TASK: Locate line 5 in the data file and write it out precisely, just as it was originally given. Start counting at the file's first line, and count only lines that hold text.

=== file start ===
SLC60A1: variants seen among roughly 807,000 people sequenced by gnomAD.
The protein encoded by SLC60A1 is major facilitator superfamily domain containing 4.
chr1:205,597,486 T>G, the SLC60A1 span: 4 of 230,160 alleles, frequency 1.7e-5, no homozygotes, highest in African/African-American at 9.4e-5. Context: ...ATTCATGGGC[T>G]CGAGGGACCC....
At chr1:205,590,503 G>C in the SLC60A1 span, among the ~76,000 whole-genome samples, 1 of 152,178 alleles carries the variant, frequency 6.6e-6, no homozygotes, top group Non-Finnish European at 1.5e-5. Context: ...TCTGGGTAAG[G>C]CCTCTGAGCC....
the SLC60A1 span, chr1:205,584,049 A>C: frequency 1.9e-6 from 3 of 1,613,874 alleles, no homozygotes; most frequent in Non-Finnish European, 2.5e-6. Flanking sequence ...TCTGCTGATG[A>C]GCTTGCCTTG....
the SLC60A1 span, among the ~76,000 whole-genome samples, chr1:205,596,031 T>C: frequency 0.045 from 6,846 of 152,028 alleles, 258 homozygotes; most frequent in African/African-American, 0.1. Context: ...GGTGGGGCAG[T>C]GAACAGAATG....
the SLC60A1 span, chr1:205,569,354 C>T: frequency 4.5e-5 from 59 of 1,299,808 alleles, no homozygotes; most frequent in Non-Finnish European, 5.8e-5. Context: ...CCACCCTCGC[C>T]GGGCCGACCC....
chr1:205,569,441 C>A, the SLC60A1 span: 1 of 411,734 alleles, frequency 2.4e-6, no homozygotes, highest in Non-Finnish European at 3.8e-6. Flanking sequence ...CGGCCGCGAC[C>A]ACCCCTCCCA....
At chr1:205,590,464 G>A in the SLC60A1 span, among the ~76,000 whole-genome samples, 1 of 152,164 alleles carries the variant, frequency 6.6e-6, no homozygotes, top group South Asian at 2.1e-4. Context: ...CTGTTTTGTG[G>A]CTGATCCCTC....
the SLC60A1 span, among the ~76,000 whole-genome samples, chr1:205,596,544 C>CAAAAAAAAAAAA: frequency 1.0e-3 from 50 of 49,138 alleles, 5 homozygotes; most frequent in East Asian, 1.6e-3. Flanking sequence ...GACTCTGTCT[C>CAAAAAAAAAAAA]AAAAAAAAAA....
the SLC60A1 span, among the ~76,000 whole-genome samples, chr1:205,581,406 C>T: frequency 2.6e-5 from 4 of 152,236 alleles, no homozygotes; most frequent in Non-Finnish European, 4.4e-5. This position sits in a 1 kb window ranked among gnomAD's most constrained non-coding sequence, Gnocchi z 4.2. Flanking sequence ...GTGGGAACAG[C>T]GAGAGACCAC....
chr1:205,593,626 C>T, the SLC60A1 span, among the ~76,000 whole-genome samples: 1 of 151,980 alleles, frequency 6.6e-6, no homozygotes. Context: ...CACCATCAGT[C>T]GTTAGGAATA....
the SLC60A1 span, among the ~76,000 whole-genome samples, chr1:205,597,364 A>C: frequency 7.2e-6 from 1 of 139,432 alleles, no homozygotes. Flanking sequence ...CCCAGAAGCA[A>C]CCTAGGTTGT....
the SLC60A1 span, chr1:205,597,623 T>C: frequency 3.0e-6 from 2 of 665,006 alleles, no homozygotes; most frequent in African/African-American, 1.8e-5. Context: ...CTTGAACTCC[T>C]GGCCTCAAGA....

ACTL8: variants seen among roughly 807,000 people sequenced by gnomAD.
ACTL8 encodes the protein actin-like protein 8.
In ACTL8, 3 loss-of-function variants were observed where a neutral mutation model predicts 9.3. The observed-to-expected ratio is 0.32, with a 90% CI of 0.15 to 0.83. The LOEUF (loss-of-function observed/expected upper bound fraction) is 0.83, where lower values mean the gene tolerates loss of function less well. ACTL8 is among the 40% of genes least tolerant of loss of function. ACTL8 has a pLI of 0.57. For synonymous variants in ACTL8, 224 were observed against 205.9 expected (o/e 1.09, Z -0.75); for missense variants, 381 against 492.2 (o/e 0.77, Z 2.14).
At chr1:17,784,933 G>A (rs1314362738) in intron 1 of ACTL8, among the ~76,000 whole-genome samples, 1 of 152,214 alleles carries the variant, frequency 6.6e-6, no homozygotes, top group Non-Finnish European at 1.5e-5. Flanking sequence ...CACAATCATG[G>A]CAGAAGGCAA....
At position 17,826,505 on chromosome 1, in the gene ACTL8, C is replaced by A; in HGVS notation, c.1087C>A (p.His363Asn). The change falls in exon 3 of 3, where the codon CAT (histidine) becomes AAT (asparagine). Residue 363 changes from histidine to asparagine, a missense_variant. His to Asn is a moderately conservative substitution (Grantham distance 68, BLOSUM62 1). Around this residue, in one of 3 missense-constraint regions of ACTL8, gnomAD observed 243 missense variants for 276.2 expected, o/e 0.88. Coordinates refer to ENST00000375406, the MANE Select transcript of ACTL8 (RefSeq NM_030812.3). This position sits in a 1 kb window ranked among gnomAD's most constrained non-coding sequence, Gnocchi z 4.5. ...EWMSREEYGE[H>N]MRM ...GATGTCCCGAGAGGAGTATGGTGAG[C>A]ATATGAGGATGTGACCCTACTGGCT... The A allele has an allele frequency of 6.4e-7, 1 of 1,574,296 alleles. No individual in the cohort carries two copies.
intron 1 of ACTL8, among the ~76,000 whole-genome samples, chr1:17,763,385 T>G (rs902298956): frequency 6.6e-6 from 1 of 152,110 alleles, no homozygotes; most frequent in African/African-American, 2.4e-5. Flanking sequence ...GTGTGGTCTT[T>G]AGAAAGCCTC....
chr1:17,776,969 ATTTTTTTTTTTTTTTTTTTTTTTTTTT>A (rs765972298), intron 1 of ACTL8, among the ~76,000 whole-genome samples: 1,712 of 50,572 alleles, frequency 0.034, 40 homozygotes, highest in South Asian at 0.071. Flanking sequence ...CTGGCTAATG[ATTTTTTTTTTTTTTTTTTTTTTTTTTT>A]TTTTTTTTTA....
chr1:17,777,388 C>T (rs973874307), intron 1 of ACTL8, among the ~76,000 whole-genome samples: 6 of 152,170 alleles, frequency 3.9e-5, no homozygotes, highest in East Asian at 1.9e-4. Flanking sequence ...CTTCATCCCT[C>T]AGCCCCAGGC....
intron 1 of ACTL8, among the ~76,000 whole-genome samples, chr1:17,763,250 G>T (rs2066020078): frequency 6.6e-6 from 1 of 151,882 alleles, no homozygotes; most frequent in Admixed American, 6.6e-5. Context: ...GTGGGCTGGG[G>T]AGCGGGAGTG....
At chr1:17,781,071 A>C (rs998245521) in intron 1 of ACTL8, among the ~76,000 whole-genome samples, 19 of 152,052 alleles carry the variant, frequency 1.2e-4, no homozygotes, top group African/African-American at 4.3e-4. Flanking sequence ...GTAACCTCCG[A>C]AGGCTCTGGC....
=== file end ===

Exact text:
the SLC60A1 span, chr1:205,584,049 A>C: frequency 1.9e-6 from 3 of 1,613,874 alleles, no homozygotes; most frequent in Non-Finnish European, 2.5e-6. Flanking sequence ...TCTGCTGATG[A>C]GCTTGCCTTG....